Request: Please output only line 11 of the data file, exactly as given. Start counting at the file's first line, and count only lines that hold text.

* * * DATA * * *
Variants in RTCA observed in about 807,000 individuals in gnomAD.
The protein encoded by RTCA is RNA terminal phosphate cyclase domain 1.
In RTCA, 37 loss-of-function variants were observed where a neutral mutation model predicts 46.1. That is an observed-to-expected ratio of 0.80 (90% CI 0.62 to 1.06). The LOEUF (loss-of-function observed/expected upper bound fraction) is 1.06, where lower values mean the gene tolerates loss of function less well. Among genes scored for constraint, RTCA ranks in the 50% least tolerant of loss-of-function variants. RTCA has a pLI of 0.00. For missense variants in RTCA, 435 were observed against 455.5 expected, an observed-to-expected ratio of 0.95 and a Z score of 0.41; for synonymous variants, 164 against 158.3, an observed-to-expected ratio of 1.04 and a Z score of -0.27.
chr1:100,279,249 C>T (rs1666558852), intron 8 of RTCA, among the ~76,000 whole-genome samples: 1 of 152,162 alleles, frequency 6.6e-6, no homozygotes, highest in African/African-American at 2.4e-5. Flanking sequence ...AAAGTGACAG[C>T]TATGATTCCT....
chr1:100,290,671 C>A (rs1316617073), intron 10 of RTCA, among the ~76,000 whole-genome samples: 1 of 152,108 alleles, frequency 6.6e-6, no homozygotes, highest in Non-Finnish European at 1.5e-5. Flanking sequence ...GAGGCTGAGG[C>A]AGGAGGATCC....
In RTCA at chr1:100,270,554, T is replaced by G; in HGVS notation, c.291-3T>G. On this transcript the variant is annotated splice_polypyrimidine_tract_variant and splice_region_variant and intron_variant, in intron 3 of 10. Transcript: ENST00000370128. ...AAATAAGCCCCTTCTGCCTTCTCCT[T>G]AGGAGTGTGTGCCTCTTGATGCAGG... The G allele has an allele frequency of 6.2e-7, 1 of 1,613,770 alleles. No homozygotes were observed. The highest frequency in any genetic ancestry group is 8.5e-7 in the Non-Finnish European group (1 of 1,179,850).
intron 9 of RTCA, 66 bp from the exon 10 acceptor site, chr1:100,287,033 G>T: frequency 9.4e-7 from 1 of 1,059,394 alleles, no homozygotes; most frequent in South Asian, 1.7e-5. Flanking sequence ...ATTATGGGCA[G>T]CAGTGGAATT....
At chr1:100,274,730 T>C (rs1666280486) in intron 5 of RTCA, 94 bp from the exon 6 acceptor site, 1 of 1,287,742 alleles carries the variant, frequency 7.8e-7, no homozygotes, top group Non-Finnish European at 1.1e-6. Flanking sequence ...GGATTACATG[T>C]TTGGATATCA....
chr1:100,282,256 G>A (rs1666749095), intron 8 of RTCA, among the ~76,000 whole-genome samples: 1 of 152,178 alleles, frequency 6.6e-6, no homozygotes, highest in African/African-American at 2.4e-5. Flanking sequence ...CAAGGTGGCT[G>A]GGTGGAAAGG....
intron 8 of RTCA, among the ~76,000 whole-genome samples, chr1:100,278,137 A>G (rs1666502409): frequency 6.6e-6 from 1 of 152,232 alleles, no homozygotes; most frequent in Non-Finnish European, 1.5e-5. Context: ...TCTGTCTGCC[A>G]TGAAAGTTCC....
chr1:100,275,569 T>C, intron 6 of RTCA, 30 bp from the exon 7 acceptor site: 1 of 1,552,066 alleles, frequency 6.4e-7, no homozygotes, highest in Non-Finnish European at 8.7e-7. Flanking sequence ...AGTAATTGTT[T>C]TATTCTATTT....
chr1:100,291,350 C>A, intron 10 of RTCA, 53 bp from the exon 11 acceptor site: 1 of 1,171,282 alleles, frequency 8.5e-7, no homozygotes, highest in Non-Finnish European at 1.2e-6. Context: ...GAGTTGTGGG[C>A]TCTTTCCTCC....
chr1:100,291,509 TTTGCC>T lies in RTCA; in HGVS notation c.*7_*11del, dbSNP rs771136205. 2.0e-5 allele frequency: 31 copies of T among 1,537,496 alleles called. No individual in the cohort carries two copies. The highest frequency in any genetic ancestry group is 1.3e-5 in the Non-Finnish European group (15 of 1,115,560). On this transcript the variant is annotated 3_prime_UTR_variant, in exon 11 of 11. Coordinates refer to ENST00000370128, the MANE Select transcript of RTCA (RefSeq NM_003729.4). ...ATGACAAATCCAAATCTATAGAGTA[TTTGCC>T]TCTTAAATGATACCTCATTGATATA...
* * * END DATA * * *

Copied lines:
chr1:100,275,569 T>C, intron 6 of RTCA, 30 bp from the exon 7 acceptor site: 1 of 1,552,066 alleles, frequency 6.4e-7, no homozygotes, highest in Non-Finnish European at 8.7e-7. Flanking sequence ...AGTAATTGTT[T>C]TATTCTATTT....